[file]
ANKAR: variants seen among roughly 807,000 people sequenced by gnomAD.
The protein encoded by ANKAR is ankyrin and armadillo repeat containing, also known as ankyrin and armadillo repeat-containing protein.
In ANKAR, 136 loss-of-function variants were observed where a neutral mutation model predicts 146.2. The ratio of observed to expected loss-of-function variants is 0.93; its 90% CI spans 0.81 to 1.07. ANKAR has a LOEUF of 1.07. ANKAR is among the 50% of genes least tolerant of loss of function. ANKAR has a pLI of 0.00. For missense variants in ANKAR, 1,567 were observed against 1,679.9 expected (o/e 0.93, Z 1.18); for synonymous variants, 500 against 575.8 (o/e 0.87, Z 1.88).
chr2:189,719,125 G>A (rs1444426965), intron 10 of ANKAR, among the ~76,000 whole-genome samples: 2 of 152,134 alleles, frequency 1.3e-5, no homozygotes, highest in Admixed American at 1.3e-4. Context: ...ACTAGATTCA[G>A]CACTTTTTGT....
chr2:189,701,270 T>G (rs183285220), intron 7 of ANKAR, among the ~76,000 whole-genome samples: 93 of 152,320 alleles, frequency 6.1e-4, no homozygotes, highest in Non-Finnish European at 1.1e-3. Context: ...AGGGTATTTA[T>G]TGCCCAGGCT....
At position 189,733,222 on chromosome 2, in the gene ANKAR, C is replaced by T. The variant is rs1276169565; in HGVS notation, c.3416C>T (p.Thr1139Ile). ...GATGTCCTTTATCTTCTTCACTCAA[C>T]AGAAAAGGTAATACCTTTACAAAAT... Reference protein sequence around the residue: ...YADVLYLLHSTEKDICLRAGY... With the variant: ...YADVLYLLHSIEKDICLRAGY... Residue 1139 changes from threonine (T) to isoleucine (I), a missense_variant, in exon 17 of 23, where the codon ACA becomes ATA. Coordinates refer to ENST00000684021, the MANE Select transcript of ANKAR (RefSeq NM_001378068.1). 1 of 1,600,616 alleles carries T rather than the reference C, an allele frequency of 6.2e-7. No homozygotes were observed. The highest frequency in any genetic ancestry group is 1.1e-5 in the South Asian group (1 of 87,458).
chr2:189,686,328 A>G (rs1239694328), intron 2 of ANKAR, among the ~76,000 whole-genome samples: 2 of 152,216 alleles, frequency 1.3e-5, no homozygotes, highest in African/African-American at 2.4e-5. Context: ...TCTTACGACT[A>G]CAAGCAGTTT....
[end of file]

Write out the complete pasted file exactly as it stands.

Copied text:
ANKAR: variants seen among roughly 807,000 people sequenced by gnomAD.
The protein encoded by ANKAR is ankyrin and armadillo repeat containing, also known as ankyrin and armadillo repeat-containing protein.
In ANKAR, 136 loss-of-function variants were observed where a neutral mutation model predicts 146.2. The ratio of observed to expected loss-of-function variants is 0.93; its 90% CI spans 0.81 to 1.07. ANKAR has a LOEUF of 1.07. ANKAR is among the 50% of genes least tolerant of loss of function. ANKAR has a pLI of 0.00. For missense variants in ANKAR, 1,567 were observed against 1,679.9 expected (o/e 0.93, Z 1.18); for synonymous variants, 500 against 575.8 (o/e 0.87, Z 1.88).
chr2:189,719,125 G>A (rs1444426965), intron 10 of ANKAR, among the ~76,000 whole-genome samples: 2 of 152,134 alleles, frequency 1.3e-5, no homozygotes, highest in Admixed American at 1.3e-4. Context: ...ACTAGATTCA[G>A]CACTTTTTGT....
chr2:189,701,270 T>G (rs183285220), intron 7 of ANKAR, among the ~76,000 whole-genome samples: 93 of 152,320 alleles, frequency 6.1e-4, no homozygotes, highest in Non-Finnish European at 1.1e-3. Context: ...AGGGTATTTA[T>G]TGCCCAGGCT....
At position 189,733,222 on chromosome 2, in the gene ANKAR, C is replaced by T. The variant is rs1276169565; in HGVS notation, c.3416C>T (p.Thr1139Ile). ...GATGTCCTTTATCTTCTTCACTCAA[C>T]AGAAAAGGTAATACCTTTACAAAAT... Reference protein sequence around the residue: ...YADVLYLLHSTEKDICLRAGY... With the variant: ...YADVLYLLHSIEKDICLRAGY... Residue 1139 changes from threonine (T) to isoleucine (I), a missense_variant, in exon 17 of 23, where the codon ACA becomes ATA. Coordinates refer to ENST00000684021, the MANE Select transcript of ANKAR (RefSeq NM_001378068.1). 1 of 1,600,616 alleles carries T rather than the reference C, an allele frequency of 6.2e-7. No homozygotes were observed. The highest frequency in any genetic ancestry group is 1.1e-5 in the South Asian group (1 of 87,458).
chr2:189,686,328 A>G (rs1239694328), intron 2 of ANKAR, among the ~76,000 whole-genome samples: 2 of 152,216 alleles, frequency 1.3e-5, no homozygotes, highest in African/African-American at 2.4e-5. Context: ...TCTTACGACT[A>G]CAAGCAGTTT....